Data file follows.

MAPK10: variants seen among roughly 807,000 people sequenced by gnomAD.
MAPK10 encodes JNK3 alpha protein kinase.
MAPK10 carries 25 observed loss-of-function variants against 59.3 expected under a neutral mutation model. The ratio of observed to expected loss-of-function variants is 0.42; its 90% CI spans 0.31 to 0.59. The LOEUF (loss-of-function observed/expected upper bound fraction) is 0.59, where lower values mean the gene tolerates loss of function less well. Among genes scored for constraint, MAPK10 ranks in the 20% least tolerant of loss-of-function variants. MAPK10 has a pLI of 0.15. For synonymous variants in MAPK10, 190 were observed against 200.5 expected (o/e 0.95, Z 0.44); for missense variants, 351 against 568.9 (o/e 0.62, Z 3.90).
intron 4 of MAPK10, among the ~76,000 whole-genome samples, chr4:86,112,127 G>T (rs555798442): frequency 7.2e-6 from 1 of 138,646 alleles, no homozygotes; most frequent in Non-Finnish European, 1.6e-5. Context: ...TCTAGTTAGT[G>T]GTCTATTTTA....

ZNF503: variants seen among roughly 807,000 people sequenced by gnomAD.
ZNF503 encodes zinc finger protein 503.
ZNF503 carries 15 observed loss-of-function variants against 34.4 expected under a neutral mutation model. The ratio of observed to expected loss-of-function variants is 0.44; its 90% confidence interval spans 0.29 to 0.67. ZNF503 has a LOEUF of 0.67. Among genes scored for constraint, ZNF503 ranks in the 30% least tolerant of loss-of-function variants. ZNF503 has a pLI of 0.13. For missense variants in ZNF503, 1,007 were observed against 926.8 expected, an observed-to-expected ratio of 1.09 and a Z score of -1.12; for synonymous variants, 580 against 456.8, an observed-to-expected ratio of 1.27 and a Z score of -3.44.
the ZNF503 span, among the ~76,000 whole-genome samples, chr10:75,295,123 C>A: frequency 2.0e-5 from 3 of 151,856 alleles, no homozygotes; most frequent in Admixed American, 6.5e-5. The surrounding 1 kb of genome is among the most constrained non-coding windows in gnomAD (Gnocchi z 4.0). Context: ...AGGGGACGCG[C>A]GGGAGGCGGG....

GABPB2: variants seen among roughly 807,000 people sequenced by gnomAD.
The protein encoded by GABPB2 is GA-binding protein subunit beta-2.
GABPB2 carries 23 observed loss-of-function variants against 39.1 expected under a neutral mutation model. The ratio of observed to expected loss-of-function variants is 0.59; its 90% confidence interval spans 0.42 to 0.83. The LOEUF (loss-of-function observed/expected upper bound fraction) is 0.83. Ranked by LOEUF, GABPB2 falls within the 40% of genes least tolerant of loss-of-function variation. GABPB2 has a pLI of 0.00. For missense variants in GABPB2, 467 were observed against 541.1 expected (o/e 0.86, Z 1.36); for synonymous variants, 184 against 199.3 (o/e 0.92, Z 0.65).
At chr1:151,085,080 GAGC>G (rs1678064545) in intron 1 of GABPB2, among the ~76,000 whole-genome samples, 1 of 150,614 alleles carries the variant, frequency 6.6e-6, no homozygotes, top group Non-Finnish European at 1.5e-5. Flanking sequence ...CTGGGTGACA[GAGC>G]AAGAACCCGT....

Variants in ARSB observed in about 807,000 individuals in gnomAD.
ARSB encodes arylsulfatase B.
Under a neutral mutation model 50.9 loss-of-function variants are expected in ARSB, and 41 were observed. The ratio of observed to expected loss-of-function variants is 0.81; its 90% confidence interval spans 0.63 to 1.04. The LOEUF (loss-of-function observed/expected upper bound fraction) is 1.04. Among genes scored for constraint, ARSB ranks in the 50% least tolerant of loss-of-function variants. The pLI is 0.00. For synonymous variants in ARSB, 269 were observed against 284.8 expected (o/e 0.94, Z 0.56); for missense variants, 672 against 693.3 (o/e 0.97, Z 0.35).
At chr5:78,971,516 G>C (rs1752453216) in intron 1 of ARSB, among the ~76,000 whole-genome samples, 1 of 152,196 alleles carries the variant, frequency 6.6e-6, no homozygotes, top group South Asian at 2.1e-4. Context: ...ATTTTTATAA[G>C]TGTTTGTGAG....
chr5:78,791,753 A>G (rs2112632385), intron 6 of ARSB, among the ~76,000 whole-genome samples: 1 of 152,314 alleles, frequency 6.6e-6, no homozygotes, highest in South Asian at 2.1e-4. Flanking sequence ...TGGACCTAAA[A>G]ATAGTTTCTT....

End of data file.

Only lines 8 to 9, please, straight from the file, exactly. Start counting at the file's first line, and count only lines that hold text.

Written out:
the ZNF503 span, among the ~76,000 whole-genome samples, chr10:75,295,123 C>A: frequency 2.0e-5 from 3 of 151,856 alleles, no homozygotes; most frequent in Admixed American, 6.5e-5. The surrounding 1 kb of genome is among the most constrained non-coding windows in gnomAD (Gnocchi z 4.0). Context: ...AGGGGACGCG[C>A]GGGAGGCGGG....

GABPB2: variants seen among roughly 807,000 people sequenced by gnomAD.